Giant’s Revenge is the second sequel to Jack and the Beanstalk, which was created by Chris Kerry (with graphical assistance by his brother, Steve) and published by Thor Computer Software for the ZX Spectrum in 1984.
Jack can jump this time, and is required to do so make his way through seven screens, collecting various items along the way, and ultimately escaping from the Giant’s castle.
Unfortunately, Giant’s Revenge is a return to the kind of gameplay that made Jack and the Beanstalk so frustrating… Take a wrong step; walk off the edge of the screen; touch anything but an approved path in the game and you lose a life.
Just trying to find out where you can walk is a trial in itself… The manual says “be very careful where you tread!” which is a fair warning. More fair than the gameplay!
Programmer Chris Kerry must’ve consciously decided to do this. I’m guessing that he had The House Jack Built and Giant’s Revenge in development alongside each other and decided to make this final game a bit more like the first (ie. nigh on impossible). Why he doesn’t make it more forgiving like The House Jack Built I don’t know (and probably never will, unless Mr. Kerry reads this and decides to let us know). Personally, I find this frustrating because 1. I want to like these games, not hate them, and 2. it looked like they were heading in the right direction with the last game (then Giant’s Revenge came out and it was back to square one).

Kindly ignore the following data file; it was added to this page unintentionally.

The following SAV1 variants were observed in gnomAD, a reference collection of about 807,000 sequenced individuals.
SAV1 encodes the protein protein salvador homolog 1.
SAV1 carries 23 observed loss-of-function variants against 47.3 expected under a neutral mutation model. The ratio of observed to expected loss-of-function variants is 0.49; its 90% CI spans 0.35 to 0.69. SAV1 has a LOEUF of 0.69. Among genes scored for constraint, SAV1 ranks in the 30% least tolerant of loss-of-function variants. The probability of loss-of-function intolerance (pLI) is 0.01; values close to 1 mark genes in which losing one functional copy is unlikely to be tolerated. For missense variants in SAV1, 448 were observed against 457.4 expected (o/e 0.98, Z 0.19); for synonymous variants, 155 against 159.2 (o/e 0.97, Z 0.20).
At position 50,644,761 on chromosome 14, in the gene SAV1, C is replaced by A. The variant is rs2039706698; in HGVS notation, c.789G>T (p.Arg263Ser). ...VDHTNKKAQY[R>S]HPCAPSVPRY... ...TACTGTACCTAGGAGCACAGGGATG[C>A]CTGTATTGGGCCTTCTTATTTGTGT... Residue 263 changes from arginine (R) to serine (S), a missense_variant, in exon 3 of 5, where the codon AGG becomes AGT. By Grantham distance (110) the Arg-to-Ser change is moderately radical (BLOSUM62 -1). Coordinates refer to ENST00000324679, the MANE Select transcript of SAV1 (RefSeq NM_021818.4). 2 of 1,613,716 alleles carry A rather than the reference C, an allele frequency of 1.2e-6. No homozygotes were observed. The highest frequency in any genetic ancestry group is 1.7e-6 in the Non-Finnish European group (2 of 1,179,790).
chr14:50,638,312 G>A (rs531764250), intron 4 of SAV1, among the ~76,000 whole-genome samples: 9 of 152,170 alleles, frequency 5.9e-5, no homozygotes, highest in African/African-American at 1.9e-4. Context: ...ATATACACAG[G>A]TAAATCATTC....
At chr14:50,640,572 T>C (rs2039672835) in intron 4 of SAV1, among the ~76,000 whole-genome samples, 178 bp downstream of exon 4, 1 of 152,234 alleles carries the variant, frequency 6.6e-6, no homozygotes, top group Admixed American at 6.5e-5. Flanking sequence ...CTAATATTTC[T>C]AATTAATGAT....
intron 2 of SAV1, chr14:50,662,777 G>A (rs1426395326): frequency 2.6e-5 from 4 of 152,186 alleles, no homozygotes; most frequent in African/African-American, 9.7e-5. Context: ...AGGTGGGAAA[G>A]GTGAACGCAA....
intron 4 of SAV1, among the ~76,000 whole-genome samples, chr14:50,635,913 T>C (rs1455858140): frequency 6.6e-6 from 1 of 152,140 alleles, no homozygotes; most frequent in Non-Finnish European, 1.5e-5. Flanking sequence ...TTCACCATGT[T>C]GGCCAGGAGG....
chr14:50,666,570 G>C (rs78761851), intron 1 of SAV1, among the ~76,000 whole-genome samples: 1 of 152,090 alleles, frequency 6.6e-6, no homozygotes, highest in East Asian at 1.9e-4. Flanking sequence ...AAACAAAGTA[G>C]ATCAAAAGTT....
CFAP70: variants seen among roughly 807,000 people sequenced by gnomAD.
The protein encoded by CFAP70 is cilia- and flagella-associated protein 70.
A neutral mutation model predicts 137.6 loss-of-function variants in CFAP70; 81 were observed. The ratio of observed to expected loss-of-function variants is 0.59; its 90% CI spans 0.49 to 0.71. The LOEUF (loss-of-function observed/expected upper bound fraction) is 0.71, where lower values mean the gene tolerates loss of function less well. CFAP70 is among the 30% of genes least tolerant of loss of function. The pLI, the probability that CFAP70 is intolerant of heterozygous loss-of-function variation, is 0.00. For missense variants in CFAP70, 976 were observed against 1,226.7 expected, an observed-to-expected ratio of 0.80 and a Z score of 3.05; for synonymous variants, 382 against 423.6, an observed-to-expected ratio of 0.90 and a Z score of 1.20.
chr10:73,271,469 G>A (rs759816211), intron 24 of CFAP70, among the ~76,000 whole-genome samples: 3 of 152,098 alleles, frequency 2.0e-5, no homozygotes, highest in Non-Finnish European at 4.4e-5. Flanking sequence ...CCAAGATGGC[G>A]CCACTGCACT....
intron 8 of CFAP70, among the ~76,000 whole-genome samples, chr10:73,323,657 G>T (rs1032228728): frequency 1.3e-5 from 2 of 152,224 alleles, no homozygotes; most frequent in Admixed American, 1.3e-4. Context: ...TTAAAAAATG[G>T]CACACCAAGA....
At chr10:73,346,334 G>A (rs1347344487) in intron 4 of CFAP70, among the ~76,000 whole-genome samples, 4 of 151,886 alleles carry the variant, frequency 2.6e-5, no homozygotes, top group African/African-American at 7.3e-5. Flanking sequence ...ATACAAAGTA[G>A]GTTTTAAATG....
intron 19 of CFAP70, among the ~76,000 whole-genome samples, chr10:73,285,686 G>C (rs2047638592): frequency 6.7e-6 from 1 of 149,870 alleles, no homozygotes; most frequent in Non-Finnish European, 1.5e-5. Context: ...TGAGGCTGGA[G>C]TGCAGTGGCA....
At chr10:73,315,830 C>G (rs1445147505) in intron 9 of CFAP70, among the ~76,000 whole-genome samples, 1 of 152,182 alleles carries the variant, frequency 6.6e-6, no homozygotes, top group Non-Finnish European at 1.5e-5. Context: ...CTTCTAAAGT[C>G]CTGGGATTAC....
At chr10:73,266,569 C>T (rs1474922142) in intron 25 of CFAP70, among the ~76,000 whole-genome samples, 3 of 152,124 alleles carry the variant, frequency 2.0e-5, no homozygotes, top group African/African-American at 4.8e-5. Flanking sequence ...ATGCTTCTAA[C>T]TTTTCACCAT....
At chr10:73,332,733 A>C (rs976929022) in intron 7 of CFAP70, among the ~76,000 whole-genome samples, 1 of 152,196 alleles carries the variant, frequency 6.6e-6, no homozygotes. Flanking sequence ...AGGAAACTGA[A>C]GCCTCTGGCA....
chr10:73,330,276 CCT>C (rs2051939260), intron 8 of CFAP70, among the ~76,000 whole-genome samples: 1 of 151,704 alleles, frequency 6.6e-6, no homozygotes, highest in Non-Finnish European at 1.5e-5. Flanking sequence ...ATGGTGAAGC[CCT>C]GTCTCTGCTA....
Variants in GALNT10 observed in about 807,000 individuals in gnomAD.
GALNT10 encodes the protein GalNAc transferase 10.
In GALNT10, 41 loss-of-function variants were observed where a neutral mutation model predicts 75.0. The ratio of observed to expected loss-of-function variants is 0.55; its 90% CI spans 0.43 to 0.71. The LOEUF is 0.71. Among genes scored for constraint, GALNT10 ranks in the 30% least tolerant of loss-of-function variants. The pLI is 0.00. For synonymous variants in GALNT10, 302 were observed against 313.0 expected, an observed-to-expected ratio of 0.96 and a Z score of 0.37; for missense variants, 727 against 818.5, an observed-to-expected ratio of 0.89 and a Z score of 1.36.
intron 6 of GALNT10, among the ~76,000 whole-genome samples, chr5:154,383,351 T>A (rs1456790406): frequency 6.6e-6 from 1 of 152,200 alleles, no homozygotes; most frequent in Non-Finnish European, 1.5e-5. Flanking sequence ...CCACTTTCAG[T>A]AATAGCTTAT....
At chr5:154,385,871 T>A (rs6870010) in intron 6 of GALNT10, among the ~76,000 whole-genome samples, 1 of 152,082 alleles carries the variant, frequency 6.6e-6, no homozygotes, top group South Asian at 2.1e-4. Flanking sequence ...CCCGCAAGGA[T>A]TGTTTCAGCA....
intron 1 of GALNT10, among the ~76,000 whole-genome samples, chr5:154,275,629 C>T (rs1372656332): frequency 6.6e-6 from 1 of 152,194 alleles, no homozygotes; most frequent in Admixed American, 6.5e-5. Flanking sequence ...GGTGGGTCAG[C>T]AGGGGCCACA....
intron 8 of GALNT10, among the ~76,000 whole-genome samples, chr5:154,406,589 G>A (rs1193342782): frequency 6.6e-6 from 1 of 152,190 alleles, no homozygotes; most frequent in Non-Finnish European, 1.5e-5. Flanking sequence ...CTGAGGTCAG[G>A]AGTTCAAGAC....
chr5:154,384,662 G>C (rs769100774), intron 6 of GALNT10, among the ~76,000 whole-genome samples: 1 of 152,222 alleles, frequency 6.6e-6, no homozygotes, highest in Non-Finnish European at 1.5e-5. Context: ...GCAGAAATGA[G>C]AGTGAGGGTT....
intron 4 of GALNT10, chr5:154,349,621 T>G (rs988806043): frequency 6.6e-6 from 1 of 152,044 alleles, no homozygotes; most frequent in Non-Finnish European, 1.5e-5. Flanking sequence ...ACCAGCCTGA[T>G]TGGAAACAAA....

There’s an ‘attract mode’ this time around (which cycles through some sample screens in the intro), and a third of the screen is now taken up by the game’s logo, which is another puzzling decision, IMHO.
Colour clash and collision detection are both particularly horrendous in this too.
Giant’s Revenge isn’t a ‘bad’ game per se, but is probably too archaic and frustrating for most people. Myself included. I don’t like being killed for just touching the edge of the screen. It’s so… 1982… 🙂
Note: like the first game in the series, Giant’s Revenge features plenty of synthesised speech – if you have a Currah Microspeech plugged into the back of your Spectrum. Listening to it now (which I did when I wrote this), the ‘speech’ is… laughable. I had a Currah Microspeech as a kid and I remember being very disappointed with it overall. Even if you knew how to program the phonetics properly, it was almost impossible to get the speech to sound even vaguely understandable.